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Healthy People Home > Healthy People 2020 > Secretary's Advisory Committee > Second Meeting > Minutes > Appendix 2

Healthy People 2020 logo Second Meeting: May 1, 2008

Appendix 2

Subcommittee on Health Equity and Health Disparities
Draft Criteria and Definitions for Health Equity

  1. Criteria for a definition of health equity. An adequate definition of health equity should meet all of the following criteria:

    1. It should reflect concerns about population health and the full range of key determinants of health, i.e., it should include but not be restricted to a focus on medical care or disease. Health is defined as a complete state physical, mental, and social well-being, not merely the absence of disease.

    2. It should reflect concerns about fairness and justice that are expressed in widely held ethical and human rights principles. According to such principles, all social groups (groups of people categorized based on their social characteristics) should have equal opportunities to be as healthy as possible. Attaining the highest possible level of health is a basic right of all human beings that should not vary according to people’s social characteristics, such as their race or ethnic group, economic resources, gender, whether or not they are physically or mentally disabled, their sexual orientation, or other characteristics associated with stigma or discrimination. Some disparities in health are unavoidable; for example, men do not experience complications of childbirth, and women do not suffer from prostate problems as they age; these are not health equity concerns. Health equity is concerned with avoidable disparities between social groups.

    3. C. The definition should make it clear that health equity involves improvement for everyone, with greater improvement for those with the greatest social obstacles to health. It does not mean sacrificing the health of more advantaged groups; it means improving the health of everyone beyond the current level enjoyed by the most advantaged group.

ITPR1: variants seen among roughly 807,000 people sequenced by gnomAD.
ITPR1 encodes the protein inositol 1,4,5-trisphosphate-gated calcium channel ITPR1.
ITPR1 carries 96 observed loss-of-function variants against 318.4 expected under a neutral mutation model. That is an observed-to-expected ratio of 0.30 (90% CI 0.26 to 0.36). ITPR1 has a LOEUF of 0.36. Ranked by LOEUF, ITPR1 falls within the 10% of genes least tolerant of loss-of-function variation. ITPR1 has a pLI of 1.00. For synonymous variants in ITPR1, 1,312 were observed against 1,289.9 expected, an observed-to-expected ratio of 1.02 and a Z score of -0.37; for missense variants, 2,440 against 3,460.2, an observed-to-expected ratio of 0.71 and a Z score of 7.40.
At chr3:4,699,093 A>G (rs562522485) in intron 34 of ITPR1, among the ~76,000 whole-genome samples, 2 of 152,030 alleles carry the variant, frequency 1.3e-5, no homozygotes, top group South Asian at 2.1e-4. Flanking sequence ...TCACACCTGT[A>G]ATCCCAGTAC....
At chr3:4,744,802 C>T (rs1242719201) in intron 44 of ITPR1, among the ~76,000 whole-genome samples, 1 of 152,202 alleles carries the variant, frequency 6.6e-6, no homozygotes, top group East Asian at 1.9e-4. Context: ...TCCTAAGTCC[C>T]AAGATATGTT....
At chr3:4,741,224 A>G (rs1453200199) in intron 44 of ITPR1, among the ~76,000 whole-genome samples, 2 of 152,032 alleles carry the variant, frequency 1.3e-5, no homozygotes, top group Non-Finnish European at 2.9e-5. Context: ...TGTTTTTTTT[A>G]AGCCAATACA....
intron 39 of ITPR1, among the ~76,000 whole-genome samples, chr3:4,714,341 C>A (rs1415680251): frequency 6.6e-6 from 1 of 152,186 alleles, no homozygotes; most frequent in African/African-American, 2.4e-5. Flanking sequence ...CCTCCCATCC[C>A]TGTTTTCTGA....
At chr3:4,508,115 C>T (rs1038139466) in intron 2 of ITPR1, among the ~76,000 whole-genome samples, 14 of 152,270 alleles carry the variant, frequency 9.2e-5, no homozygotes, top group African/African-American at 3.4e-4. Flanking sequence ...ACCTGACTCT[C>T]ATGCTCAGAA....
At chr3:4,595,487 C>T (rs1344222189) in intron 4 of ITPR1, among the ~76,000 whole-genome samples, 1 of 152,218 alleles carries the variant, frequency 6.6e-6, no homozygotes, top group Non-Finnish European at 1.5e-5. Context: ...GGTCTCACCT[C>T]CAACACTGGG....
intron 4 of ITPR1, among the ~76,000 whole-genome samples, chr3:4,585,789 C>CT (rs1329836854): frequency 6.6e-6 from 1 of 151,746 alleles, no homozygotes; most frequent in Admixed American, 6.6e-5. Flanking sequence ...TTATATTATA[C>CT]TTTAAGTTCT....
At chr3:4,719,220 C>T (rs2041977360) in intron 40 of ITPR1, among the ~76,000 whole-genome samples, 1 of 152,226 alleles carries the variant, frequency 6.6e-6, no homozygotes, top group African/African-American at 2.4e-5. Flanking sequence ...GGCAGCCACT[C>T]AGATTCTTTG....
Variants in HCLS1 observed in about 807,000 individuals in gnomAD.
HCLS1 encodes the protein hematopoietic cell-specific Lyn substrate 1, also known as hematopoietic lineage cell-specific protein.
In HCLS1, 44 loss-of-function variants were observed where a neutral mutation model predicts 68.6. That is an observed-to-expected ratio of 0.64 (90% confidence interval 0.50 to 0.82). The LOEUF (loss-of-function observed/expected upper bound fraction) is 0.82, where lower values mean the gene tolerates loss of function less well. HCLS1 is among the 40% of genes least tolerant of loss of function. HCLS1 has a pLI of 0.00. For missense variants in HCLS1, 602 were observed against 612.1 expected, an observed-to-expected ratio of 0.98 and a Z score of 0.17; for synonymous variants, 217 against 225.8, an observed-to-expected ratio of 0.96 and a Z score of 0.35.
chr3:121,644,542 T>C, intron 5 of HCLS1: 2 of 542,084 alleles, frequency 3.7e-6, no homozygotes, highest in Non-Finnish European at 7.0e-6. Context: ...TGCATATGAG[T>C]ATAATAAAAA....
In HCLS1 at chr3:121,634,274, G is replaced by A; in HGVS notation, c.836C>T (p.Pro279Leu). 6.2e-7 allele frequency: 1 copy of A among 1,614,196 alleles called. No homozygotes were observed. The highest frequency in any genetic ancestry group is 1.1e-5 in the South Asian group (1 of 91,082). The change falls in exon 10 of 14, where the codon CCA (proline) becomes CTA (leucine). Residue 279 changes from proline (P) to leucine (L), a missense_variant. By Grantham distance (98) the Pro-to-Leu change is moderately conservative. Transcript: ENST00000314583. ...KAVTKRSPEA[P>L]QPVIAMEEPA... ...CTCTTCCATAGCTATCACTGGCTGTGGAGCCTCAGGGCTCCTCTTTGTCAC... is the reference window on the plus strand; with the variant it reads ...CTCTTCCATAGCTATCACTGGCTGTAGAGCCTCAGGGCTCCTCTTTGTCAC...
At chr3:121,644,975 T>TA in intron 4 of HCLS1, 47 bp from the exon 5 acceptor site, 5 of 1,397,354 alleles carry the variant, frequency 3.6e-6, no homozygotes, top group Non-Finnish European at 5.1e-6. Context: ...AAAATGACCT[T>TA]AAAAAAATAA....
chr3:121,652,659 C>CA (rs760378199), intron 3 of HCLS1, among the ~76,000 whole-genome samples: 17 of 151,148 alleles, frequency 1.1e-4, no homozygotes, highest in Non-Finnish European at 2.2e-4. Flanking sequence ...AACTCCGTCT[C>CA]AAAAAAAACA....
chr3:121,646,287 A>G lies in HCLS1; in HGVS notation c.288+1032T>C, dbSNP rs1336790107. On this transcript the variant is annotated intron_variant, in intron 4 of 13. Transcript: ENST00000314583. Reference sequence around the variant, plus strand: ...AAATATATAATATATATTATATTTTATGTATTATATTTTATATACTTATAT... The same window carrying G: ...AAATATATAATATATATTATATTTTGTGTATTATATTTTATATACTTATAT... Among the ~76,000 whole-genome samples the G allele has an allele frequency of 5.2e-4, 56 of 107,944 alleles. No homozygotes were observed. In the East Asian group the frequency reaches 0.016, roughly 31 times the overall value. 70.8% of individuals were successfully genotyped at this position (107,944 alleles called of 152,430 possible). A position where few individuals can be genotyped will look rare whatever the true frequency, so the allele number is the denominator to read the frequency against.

4. The definition must permit measurement and monitoring of progress over time. The approach to measurement must be consistent with the definition. This requires comparisons on health status and on key factors influencing health between/among social groups who are socially advantaged or disadvantaged to varying degrees. All other groups should be compared to the most advantaged group because the health of the most socially advantaged group should reflect at least a minimal level of what should be possible at present for everyone.

  2. A Definition of Health Equity

    Health equity means fairness and justice in efforts to achieve the best possible health for everyone, especially for those groups who have systematically faced greater social obstacles to being healthy—for example, racial or ethnic minorities, poor/low-income people, and other groups who have persistently experienced social disadvantage, discrimination, or marginalization. Women, people with physical or mental/substance use disabilities, people with HIV/AIDS, and people with sexual orientations other than heterosexual also have experienced systematic discrimination or marginalization.

    • Health equity derives from a basic human right of achieving the highest possible level of health for all people, regardless of race or ethnic group, wealth, gender, disability, sexual orientation, or other characteristics that carry social stigma, discrimination, or marginalization.

    • Health equity is an ethical principle calling for equal opportunity for all social groups to attain the highest possible level of health.

    • Health equity means overcoming discrimination, including that which is unintentional. Human rights principles require governments to fulfill an obligation to overcome obstacles to health facing everyone, particularly those who have suffered discrimination or marginalization. In addition to that which is overt and deliberate, discrimination can be unconscious and unintentional; it can be built into deep-rooted institutional practices and conditions that promote more disadvantage—both socially and with respect to health—across lifetimes and across generations, even in the absence of intent to discriminate. A useful rule of thumb in assessing which groups are socially disadvantaged is to determine which groups have persistently had the least economic resources and standing in society, as reflected by positions of social or economic influence.